Saturday, May 31, 2008

Standfast

I have been re-reading the John Buchan thriller from which I took my blogging pseudonym, Mr. Standfast [it was only after I had done so that I recalled Pilgrim's Progress]. It is the third of four "Richard Hannay" adventures written during and just after the First World War and set in that period. I enjoy them all. I was in high school when I read The Thirty-Nine Steps — the first and shortest of the Hannay books — and I have read it every few years since. I hadn't read Mr. Standfast recently. In it, Hannay is up against a very dangerous German spy whose efforts may prolong the war for years, or even lead to German victory in the spring of 1918.

At one point Buchan puts these words in the mouth of one of his characters, a man named Wake, speaking to Hannay:
.... I hate more than I love. All we humanitarians and pacifists have hatred as our mainspring. Odd, isn't it, for people who preach brotherly love? But it's the truth. We're full of hate towards everything that jars our ladylike nerves. Fellows like you are so in love with their cause that they've no time or inclination to detest what thwarts them. We've no cause - only negatives, and that means hatred, and self-torture, and a beastly jaundice of soul. ....
This reminded me of Chesterton's poem in which he wrote of how:
I learned with little labour
The way to love my fellow-man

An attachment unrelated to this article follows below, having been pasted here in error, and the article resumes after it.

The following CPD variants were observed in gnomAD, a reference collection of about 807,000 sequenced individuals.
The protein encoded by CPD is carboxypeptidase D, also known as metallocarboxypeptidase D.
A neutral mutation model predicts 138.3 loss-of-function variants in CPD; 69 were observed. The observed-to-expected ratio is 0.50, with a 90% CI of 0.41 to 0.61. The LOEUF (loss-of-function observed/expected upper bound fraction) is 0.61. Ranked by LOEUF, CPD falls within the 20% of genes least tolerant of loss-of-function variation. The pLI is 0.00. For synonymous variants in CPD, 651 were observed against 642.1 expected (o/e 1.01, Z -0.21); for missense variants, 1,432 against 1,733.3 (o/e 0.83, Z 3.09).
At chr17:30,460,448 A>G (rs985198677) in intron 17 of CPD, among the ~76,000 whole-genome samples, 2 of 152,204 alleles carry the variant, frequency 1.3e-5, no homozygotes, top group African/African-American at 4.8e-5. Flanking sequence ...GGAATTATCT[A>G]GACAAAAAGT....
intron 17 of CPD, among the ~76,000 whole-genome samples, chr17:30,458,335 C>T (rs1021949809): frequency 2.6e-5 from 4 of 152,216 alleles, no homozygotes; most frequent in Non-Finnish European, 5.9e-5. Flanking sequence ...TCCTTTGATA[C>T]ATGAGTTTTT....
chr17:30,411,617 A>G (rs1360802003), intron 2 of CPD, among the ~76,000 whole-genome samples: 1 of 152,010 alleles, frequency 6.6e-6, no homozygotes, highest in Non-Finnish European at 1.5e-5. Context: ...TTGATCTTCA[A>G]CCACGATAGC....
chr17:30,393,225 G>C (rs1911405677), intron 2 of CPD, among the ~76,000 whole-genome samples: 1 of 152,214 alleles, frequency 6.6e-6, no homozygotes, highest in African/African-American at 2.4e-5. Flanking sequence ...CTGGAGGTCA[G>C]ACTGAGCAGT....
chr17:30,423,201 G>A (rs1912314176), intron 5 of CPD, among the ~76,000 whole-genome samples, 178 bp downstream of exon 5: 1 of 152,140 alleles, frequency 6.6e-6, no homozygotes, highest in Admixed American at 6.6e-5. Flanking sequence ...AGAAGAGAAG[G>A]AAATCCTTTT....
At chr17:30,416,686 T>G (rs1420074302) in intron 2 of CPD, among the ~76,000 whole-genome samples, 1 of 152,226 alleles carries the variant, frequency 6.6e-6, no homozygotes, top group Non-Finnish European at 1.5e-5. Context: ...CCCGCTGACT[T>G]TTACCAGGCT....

And hate my next-door neighbour.
Buchan's thrillers are better written than similar efforts from that period, and, although one reads them for the pure enjoyment of the adventure — often a lonely hero being pursued by both villains and the forces of law and order — there is rather more to them than just that, as the quotation from Mr. Standfast may indicate.

Buchan was a good story-teller. One of his fans was C.S. Lewis, who particularly liked Buchan's ability to describe the safe and homely — if only temporary — havens from danger that his heroes would discover. Scotland is a frequent setting for his stories — both the thrillers and various historical novels.

Buchan's protagonists often express the bigotries common then. That can be unsettling to today's reader and may require a certain mental editing if the books are to be enjoyed. Or they can simply be accepted as an artifact of the time when the stories were authored. His characters also often exemplify virtues like loyalty, courage, steadfastness, patriotism — some of which begin to seem like artifacts of a different time, too.

One of my favorite critical appreciations of Buchan is to be found in Gertrude Himmelfarb's Victorian Minds: A Study of Intellectuals in Crisis and Ideologies in Transition, which takes into full account the racism and anti-Semitism which appear, to a greater or lesser extent, in each of the books. She concludes her essay:
Buchan — Calvinist in religion, Tory in politics, and romantic in sensibility — is obviously the antithesis of the liberal. It is no accident that he was addicted to a genre, the romantic tale of adventure, which is itself alien to the liberal temper. For what kind of romance would it be that feared to characterize or categorize, to indulge the sense of evil, violence, and apocalypse? It is no accident, either, that the predominance of liberal values has meant the degeneration of a literary form so congenial to the Tory imagination.
Buchan's first Hannay book, The Thirty-Nine Steps, was, with significant modification, made into a very good film by Alfred Hitchcock.

Note: Substantial revision and renaming early on Sunday, 6/1.

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